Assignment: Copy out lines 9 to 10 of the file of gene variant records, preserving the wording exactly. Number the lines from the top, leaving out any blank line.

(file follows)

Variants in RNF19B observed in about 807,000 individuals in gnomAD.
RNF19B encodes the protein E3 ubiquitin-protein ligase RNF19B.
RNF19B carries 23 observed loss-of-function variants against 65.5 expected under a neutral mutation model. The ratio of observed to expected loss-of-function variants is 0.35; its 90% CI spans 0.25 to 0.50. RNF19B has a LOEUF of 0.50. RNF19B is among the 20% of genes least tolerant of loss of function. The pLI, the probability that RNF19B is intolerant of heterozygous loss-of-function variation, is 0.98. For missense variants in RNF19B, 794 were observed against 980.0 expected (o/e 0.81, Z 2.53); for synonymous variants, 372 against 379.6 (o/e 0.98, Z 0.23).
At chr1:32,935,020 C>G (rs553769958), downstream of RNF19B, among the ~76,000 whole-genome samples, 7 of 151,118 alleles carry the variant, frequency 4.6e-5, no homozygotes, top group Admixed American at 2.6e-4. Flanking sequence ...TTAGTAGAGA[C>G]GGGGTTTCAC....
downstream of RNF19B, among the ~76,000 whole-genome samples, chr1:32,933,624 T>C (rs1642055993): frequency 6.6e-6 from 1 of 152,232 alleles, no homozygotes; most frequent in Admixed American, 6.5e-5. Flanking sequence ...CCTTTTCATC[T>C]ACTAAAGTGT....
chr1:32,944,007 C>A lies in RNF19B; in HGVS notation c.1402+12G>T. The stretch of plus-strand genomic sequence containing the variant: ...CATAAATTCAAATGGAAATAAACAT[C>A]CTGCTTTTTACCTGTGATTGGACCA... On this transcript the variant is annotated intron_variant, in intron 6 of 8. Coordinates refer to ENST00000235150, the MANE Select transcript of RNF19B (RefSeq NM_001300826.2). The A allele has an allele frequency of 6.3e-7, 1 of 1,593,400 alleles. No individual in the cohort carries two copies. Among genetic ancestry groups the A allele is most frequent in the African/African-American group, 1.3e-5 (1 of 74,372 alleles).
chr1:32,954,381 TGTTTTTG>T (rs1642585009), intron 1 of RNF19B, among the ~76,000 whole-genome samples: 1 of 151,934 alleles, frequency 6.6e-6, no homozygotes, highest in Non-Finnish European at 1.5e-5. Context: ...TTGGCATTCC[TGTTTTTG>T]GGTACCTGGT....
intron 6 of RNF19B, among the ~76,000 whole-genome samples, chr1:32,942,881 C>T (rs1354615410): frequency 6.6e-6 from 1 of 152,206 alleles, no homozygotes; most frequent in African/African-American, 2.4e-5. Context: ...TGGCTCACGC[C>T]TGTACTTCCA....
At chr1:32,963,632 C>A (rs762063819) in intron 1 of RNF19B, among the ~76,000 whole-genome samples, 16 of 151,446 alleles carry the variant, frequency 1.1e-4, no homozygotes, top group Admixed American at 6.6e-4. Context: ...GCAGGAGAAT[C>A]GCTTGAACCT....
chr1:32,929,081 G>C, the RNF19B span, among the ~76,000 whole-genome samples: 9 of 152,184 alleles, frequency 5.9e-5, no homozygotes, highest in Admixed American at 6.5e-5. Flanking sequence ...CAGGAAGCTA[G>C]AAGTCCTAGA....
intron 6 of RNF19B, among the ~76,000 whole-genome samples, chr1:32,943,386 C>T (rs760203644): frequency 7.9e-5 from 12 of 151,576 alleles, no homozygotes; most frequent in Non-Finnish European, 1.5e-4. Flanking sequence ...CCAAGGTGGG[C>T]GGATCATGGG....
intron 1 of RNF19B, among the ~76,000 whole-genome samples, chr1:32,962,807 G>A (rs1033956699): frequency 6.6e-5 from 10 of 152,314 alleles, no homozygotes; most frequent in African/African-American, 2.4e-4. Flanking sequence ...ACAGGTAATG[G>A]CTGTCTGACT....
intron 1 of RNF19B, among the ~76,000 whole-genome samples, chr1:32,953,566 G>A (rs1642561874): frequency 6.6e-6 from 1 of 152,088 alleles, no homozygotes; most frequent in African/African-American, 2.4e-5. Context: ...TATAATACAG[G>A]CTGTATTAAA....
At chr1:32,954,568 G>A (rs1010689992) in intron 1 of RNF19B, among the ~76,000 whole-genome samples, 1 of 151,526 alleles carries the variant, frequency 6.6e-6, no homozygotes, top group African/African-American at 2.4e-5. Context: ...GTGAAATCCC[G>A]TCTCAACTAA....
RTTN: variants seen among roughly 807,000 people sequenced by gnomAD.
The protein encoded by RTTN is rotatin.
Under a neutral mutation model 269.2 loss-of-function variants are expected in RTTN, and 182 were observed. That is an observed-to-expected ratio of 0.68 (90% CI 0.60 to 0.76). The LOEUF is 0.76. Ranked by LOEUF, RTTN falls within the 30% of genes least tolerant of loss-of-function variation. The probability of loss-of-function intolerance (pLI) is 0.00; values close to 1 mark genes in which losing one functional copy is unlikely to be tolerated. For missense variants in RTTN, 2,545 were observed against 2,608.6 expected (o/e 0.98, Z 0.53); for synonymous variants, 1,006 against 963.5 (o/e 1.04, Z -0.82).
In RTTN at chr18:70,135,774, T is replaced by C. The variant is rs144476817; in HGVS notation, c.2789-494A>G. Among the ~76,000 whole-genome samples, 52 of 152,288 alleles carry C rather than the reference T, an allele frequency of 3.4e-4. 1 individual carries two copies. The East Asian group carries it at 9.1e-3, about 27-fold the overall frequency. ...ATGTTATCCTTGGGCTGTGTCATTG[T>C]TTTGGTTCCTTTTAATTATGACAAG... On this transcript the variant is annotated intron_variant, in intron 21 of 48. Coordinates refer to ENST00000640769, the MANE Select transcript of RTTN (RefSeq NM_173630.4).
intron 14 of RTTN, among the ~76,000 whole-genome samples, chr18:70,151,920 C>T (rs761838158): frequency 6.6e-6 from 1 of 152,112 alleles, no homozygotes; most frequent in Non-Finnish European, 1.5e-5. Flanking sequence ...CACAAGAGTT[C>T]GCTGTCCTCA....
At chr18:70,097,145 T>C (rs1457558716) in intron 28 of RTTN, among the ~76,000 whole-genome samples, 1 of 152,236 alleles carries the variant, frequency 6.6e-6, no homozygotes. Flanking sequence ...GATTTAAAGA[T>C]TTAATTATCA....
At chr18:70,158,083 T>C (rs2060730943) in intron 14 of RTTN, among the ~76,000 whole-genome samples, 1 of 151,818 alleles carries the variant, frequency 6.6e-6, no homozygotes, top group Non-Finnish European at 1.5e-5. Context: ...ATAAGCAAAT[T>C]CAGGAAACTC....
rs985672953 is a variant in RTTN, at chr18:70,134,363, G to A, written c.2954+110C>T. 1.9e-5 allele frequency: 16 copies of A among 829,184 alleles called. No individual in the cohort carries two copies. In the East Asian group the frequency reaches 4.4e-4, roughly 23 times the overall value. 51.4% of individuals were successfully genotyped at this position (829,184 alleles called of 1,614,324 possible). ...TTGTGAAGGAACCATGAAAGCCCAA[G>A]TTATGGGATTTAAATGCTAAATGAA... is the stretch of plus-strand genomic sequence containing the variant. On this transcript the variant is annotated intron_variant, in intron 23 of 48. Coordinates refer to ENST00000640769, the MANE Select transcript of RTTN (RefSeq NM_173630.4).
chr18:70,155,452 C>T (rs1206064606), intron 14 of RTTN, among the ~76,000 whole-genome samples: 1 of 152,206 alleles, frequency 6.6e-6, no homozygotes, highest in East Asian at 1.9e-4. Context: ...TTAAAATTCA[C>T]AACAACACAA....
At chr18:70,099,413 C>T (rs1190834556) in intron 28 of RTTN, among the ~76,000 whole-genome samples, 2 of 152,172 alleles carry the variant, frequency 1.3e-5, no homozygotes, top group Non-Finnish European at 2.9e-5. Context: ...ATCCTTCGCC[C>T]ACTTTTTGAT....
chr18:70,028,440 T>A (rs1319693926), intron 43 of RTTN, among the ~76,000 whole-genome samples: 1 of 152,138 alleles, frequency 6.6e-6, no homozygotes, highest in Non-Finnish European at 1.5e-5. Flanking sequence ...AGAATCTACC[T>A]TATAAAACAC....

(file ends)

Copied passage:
At chr1:32,963,632 C>A (rs762063819) in intron 1 of RNF19B, among the ~76,000 whole-genome samples, 16 of 151,446 alleles carry the variant, frequency 1.1e-4, no homozygotes, top group Admixed American at 6.6e-4. Context: ...GCAGGAGAAT[C>A]GCTTGAACCT....
chr1:32,929,081 G>C, the RNF19B span, among the ~76,000 whole-genome samples: 9 of 152,184 alleles, frequency 5.9e-5, no homozygotes, highest in Admixed American at 6.5e-5. Flanking sequence ...CAGGAAGCTA[G>C]AAGTCCTAGA....